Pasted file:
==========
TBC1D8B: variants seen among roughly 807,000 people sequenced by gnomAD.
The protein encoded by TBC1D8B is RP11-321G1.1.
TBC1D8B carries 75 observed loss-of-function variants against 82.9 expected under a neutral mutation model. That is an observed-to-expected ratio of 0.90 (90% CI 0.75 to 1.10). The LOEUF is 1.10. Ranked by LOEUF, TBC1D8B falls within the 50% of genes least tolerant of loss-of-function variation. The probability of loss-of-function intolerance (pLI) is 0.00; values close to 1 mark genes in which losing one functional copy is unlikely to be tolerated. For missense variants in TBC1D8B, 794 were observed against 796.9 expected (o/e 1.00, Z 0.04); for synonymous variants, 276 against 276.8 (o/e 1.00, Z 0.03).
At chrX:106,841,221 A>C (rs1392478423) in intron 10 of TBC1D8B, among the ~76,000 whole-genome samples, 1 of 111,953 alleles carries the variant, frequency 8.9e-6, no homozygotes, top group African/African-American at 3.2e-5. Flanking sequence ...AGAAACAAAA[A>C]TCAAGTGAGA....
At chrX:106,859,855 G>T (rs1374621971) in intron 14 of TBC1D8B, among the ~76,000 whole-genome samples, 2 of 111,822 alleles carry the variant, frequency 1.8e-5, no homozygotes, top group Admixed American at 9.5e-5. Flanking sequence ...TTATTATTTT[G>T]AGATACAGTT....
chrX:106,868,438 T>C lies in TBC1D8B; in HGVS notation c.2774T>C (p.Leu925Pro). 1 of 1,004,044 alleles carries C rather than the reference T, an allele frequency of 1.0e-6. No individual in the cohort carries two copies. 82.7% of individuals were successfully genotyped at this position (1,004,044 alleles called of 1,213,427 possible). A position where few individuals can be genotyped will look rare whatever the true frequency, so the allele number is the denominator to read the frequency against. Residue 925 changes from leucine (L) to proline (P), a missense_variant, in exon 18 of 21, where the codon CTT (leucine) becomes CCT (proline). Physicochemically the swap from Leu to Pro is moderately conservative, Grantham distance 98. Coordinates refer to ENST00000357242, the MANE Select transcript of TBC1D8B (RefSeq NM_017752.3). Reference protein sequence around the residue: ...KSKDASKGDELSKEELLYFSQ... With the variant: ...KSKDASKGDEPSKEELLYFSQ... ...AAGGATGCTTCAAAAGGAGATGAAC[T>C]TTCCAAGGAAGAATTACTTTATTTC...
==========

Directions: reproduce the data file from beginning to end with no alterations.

TBC1D8B: variants seen among roughly 807,000 people sequenced by gnomAD.
The protein encoded by TBC1D8B is RP11-321G1.1.
TBC1D8B carries 75 observed loss-of-function variants against 82.9 expected under a neutral mutation model. That is an observed-to-expected ratio of 0.90 (90% CI 0.75 to 1.10). The LOEUF is 1.10. Ranked by LOEUF, TBC1D8B falls within the 50% of genes least tolerant of loss-of-function variation. The probability of loss-of-function intolerance (pLI) is 0.00; values close to 1 mark genes in which losing one functional copy is unlikely to be tolerated. For missense variants in TBC1D8B, 794 were observed against 796.9 expected (o/e 1.00, Z 0.04); for synonymous variants, 276 against 276.8 (o/e 1.00, Z 0.03).
At chrX:106,841,221 A>C (rs1392478423) in intron 10 of TBC1D8B, among the ~76,000 whole-genome samples, 1 of 111,953 alleles carries the variant, frequency 8.9e-6, no homozygotes, top group African/African-American at 3.2e-5. Flanking sequence ...AGAAACAAAA[A>C]TCAAGTGAGA....
At chrX:106,859,855 G>T (rs1374621971) in intron 14 of TBC1D8B, among the ~76,000 whole-genome samples, 2 of 111,822 alleles carry the variant, frequency 1.8e-5, no homozygotes, top group Admixed American at 9.5e-5. Flanking sequence ...TTATTATTTT[G>T]AGATACAGTT....
chrX:106,868,438 T>C lies in TBC1D8B; in HGVS notation c.2774T>C (p.Leu925Pro). 1 of 1,004,044 alleles carries C rather than the reference T, an allele frequency of 1.0e-6. No individual in the cohort carries two copies. 82.7% of individuals were successfully genotyped at this position (1,004,044 alleles called of 1,213,427 possible). A position where few individuals can be genotyped will look rare whatever the true frequency, so the allele number is the denominator to read the frequency against. Residue 925 changes from leucine (L) to proline (P), a missense_variant, in exon 18 of 21, where the codon CTT (leucine) becomes CCT (proline). Physicochemically the swap from Leu to Pro is moderately conservative, Grantham distance 98. Coordinates refer to ENST00000357242, the MANE Select transcript of TBC1D8B (RefSeq NM_017752.3). Reference protein sequence around the residue: ...KSKDASKGDELSKEELLYFSQ... With the variant: ...KSKDASKGDEPSKEELLYFSQ... ...AAGGATGCTTCAAAAGGAGATGAAC[T>C]TTCCAAGGAAGAATTACTTTATTTC...